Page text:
• What are the primary attributes you would like to see within .org that would motivate your organization to register a domain name within that TLD?
  • What new services would have the greatest impact on their decision to register a .org domain name?
  • What are some features/attributes in other TLDs that have prompted some members of the not-for-profit community to register domain names ending with extensions other than .org, if not for the purposes of greater localisation?

The UIA / Diversitas has an excellent basis for conducting such research in that it maintains profiles of around 50,000 international non-profit bodies, and some nationally focused bodies that may be considered part of that community. Additionally, UIA has been conducting research within the non-profit organizations market for nearly 100 years. Diversitas intends to field surveys across the civil sector, and build upon some of the following facts concerning those organizations that currently have a domain name:

  • They are all represented or have activities in more than one country - some in more than 100 countries.
  • Most of them have significant international communications activities. The bodies in this international community have been moving rapidly across the digital divide since the establishment of the web, as information technology became accessible. Such technology is vital to their ability to communicate with their members at reasonable cost. Of 30,000 such bodies, some 23,000 (or 77%) now have URLs.
  • National non-profits (outside the U.S.) have similar needs but are even less likely to have chosen to use the .org TLD. In other respects, the internationals may give a good indication of the growth potential and challenge posed by the nationals
  • International bodies may well be hosted by national organizations (notably using ccTLDs), or within a complex web site, and of the more than 20,000 that were examined, only 48% had registered a domain name ending with .org, while another 52% had done so using either another gTLD or a ccTLD. (see Figure C38-1)

    Figure C38-1: Non-profit Domain Registration

Segmentation of .org "Community"

At the heart of the Diversitas strategy is the goal of making .org as a natural choice for all categories of non-commercial groups by creating a sense of shared identity or community. This strategy implies a radical shift from a "registry" mindset to a "community" mindset.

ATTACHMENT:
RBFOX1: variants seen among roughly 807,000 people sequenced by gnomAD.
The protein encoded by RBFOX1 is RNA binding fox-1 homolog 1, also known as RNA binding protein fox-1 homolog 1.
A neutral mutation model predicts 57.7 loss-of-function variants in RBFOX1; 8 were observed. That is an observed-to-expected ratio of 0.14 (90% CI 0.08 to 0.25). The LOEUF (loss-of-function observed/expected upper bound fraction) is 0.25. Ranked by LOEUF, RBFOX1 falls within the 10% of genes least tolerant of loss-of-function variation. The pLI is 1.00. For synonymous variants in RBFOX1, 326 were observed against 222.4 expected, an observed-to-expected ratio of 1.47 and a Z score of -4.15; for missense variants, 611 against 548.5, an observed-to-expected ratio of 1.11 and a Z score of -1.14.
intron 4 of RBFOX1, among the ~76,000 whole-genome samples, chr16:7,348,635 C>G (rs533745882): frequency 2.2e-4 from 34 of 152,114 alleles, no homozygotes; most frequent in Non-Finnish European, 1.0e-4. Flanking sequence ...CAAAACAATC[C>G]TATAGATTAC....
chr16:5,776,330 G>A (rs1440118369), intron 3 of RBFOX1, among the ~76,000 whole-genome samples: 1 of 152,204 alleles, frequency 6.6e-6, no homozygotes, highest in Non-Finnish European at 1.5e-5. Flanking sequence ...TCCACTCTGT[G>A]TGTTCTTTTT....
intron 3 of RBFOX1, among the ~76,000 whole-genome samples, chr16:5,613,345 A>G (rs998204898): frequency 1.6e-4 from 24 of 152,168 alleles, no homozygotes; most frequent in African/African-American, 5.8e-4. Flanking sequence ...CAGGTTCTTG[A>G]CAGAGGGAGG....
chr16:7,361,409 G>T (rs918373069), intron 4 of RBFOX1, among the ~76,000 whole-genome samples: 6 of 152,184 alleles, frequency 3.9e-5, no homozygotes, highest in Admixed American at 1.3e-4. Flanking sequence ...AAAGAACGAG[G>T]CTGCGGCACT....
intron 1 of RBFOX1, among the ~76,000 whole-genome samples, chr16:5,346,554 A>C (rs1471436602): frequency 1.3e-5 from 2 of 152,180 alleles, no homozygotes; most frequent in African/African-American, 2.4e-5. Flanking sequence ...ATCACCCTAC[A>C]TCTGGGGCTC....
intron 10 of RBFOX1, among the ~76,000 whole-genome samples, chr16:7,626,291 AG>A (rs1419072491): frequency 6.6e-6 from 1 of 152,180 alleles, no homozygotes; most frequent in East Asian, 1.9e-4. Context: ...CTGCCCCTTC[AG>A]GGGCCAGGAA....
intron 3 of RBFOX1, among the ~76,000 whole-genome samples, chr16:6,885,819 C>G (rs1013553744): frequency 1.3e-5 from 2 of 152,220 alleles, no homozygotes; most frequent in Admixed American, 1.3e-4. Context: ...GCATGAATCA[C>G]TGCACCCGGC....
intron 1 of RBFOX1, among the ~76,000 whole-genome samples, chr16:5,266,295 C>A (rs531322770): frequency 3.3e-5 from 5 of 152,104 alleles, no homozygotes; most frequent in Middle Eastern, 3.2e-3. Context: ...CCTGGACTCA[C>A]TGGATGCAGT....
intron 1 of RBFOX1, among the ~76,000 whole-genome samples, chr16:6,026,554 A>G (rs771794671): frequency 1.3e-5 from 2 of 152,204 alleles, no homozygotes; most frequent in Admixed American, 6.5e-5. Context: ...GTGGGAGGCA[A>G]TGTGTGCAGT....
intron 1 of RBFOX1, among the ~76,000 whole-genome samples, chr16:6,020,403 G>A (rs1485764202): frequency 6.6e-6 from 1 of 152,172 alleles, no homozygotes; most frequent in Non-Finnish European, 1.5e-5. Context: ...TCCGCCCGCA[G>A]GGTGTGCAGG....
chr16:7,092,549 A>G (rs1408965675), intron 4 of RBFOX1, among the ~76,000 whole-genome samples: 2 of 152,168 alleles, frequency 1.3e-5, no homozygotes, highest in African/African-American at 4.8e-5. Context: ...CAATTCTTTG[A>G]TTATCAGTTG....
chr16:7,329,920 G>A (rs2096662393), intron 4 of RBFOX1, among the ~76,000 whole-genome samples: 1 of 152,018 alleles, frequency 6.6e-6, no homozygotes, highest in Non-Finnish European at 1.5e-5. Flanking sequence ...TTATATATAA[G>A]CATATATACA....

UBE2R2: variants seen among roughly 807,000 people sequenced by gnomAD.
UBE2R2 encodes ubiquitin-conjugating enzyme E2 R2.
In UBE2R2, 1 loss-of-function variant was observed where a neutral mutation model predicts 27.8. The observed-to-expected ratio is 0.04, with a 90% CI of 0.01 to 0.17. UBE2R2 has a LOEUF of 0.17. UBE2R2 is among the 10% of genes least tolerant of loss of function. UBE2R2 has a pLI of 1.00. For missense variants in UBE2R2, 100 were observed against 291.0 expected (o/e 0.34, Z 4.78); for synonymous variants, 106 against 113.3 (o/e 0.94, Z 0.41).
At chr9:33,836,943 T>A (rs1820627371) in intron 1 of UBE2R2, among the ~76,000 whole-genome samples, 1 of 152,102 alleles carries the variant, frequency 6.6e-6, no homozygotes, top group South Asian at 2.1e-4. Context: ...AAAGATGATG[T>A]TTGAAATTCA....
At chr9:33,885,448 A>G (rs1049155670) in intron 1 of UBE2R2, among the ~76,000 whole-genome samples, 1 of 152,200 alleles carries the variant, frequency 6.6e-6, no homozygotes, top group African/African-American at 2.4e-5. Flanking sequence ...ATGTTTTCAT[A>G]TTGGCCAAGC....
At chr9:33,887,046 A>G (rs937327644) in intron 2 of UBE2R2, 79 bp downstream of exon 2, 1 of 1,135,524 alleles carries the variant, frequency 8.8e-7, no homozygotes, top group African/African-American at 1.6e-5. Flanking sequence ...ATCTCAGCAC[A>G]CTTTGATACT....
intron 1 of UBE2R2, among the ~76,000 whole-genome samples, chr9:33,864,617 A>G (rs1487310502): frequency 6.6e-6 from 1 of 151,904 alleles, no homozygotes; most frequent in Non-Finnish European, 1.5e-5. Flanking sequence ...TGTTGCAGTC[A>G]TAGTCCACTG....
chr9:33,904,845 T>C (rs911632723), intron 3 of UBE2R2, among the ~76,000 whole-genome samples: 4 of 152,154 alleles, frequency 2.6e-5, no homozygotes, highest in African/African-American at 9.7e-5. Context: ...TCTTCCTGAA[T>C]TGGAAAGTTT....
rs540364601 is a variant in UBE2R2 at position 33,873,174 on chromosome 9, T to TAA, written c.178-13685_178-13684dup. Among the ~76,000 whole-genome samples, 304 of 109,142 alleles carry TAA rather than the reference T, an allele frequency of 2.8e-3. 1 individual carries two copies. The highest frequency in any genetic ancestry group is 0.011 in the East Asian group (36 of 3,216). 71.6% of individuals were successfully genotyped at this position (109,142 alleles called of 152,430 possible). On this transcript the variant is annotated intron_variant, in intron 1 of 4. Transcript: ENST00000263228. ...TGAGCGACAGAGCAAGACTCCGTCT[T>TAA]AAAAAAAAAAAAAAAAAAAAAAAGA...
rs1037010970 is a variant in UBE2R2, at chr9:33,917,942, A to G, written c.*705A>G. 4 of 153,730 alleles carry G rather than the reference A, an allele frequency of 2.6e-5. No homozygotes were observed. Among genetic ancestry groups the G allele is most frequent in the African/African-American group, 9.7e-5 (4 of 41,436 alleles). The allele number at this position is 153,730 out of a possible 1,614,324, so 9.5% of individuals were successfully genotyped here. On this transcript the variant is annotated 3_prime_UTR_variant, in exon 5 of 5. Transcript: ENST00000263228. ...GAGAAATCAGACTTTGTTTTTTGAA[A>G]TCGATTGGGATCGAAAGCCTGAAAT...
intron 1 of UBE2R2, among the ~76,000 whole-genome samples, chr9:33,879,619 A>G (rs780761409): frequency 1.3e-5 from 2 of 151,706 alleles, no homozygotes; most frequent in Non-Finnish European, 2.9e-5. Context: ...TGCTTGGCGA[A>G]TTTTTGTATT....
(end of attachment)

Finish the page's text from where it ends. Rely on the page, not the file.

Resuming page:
"Community" is an easy word to use. In practice, however, it has multiple meanings and associations. For some it is perfectly adequate as a loose term to apply to a pattern of undefined associations that individuals and groups activate and enhance through "networking". The telephone system and e-mail are ideal technologies to support community. Services to the .org community can indeed limit themselves to focusing on web equivalents.

The notion of "community" by its very nature tends to focus on, and assume, a degree of consensus. It ignores the basic fact that for many bodies in .org their main concern is to counteract and oppose the initiatives of other bodies in that same domain. Such opposition may be basic to their sense of distinct identity and the prime reason for their distinct existence and expression on the web. There may indeed be a recognition of shared membership in community in the most abstract sense, and shared interest with regard to freedom of expression, but the lack of consensus across sectors and ideologies is a fundamental issue in responding to the realities of the dynamics within that "community". In confronting the realities of these dynamics, the challenge will be to respond creatively to the variety of "divides" that fragment the community of non-profit bodies:

  • The digital divide
  • The cultural divide between the dominant western style, and its association with elites in many developing countries, and the variety of alternative styles, the sectoral divide, and the styles of thinking and activity associated with each the linguistic

The challenge is also to give meaningful expression to this more ecological sense of community. The .org community is not only about agreement, but also about the disagreements that are fundamental to the vitality of democratic society. It is unacceptable to develop a "marketing strategy" based on the assumption that the .org community is composed of those who agree with a set of principles selected by a particular coalition - and that all who do not agree with them should be encouraged to move elsewhere. The .org community is not homogenous. It might be better understood as made up of "communities" with different identities and operating mindsets - often valiantly struggling to sustain their uniqueness and resist its dilution by other cultural forces.

In this sense, the image of the .org community that could be realistically promoted would indicate both:

  • Links of commonality binding elements of the community together
  • Links of opposition holding elements of the community apart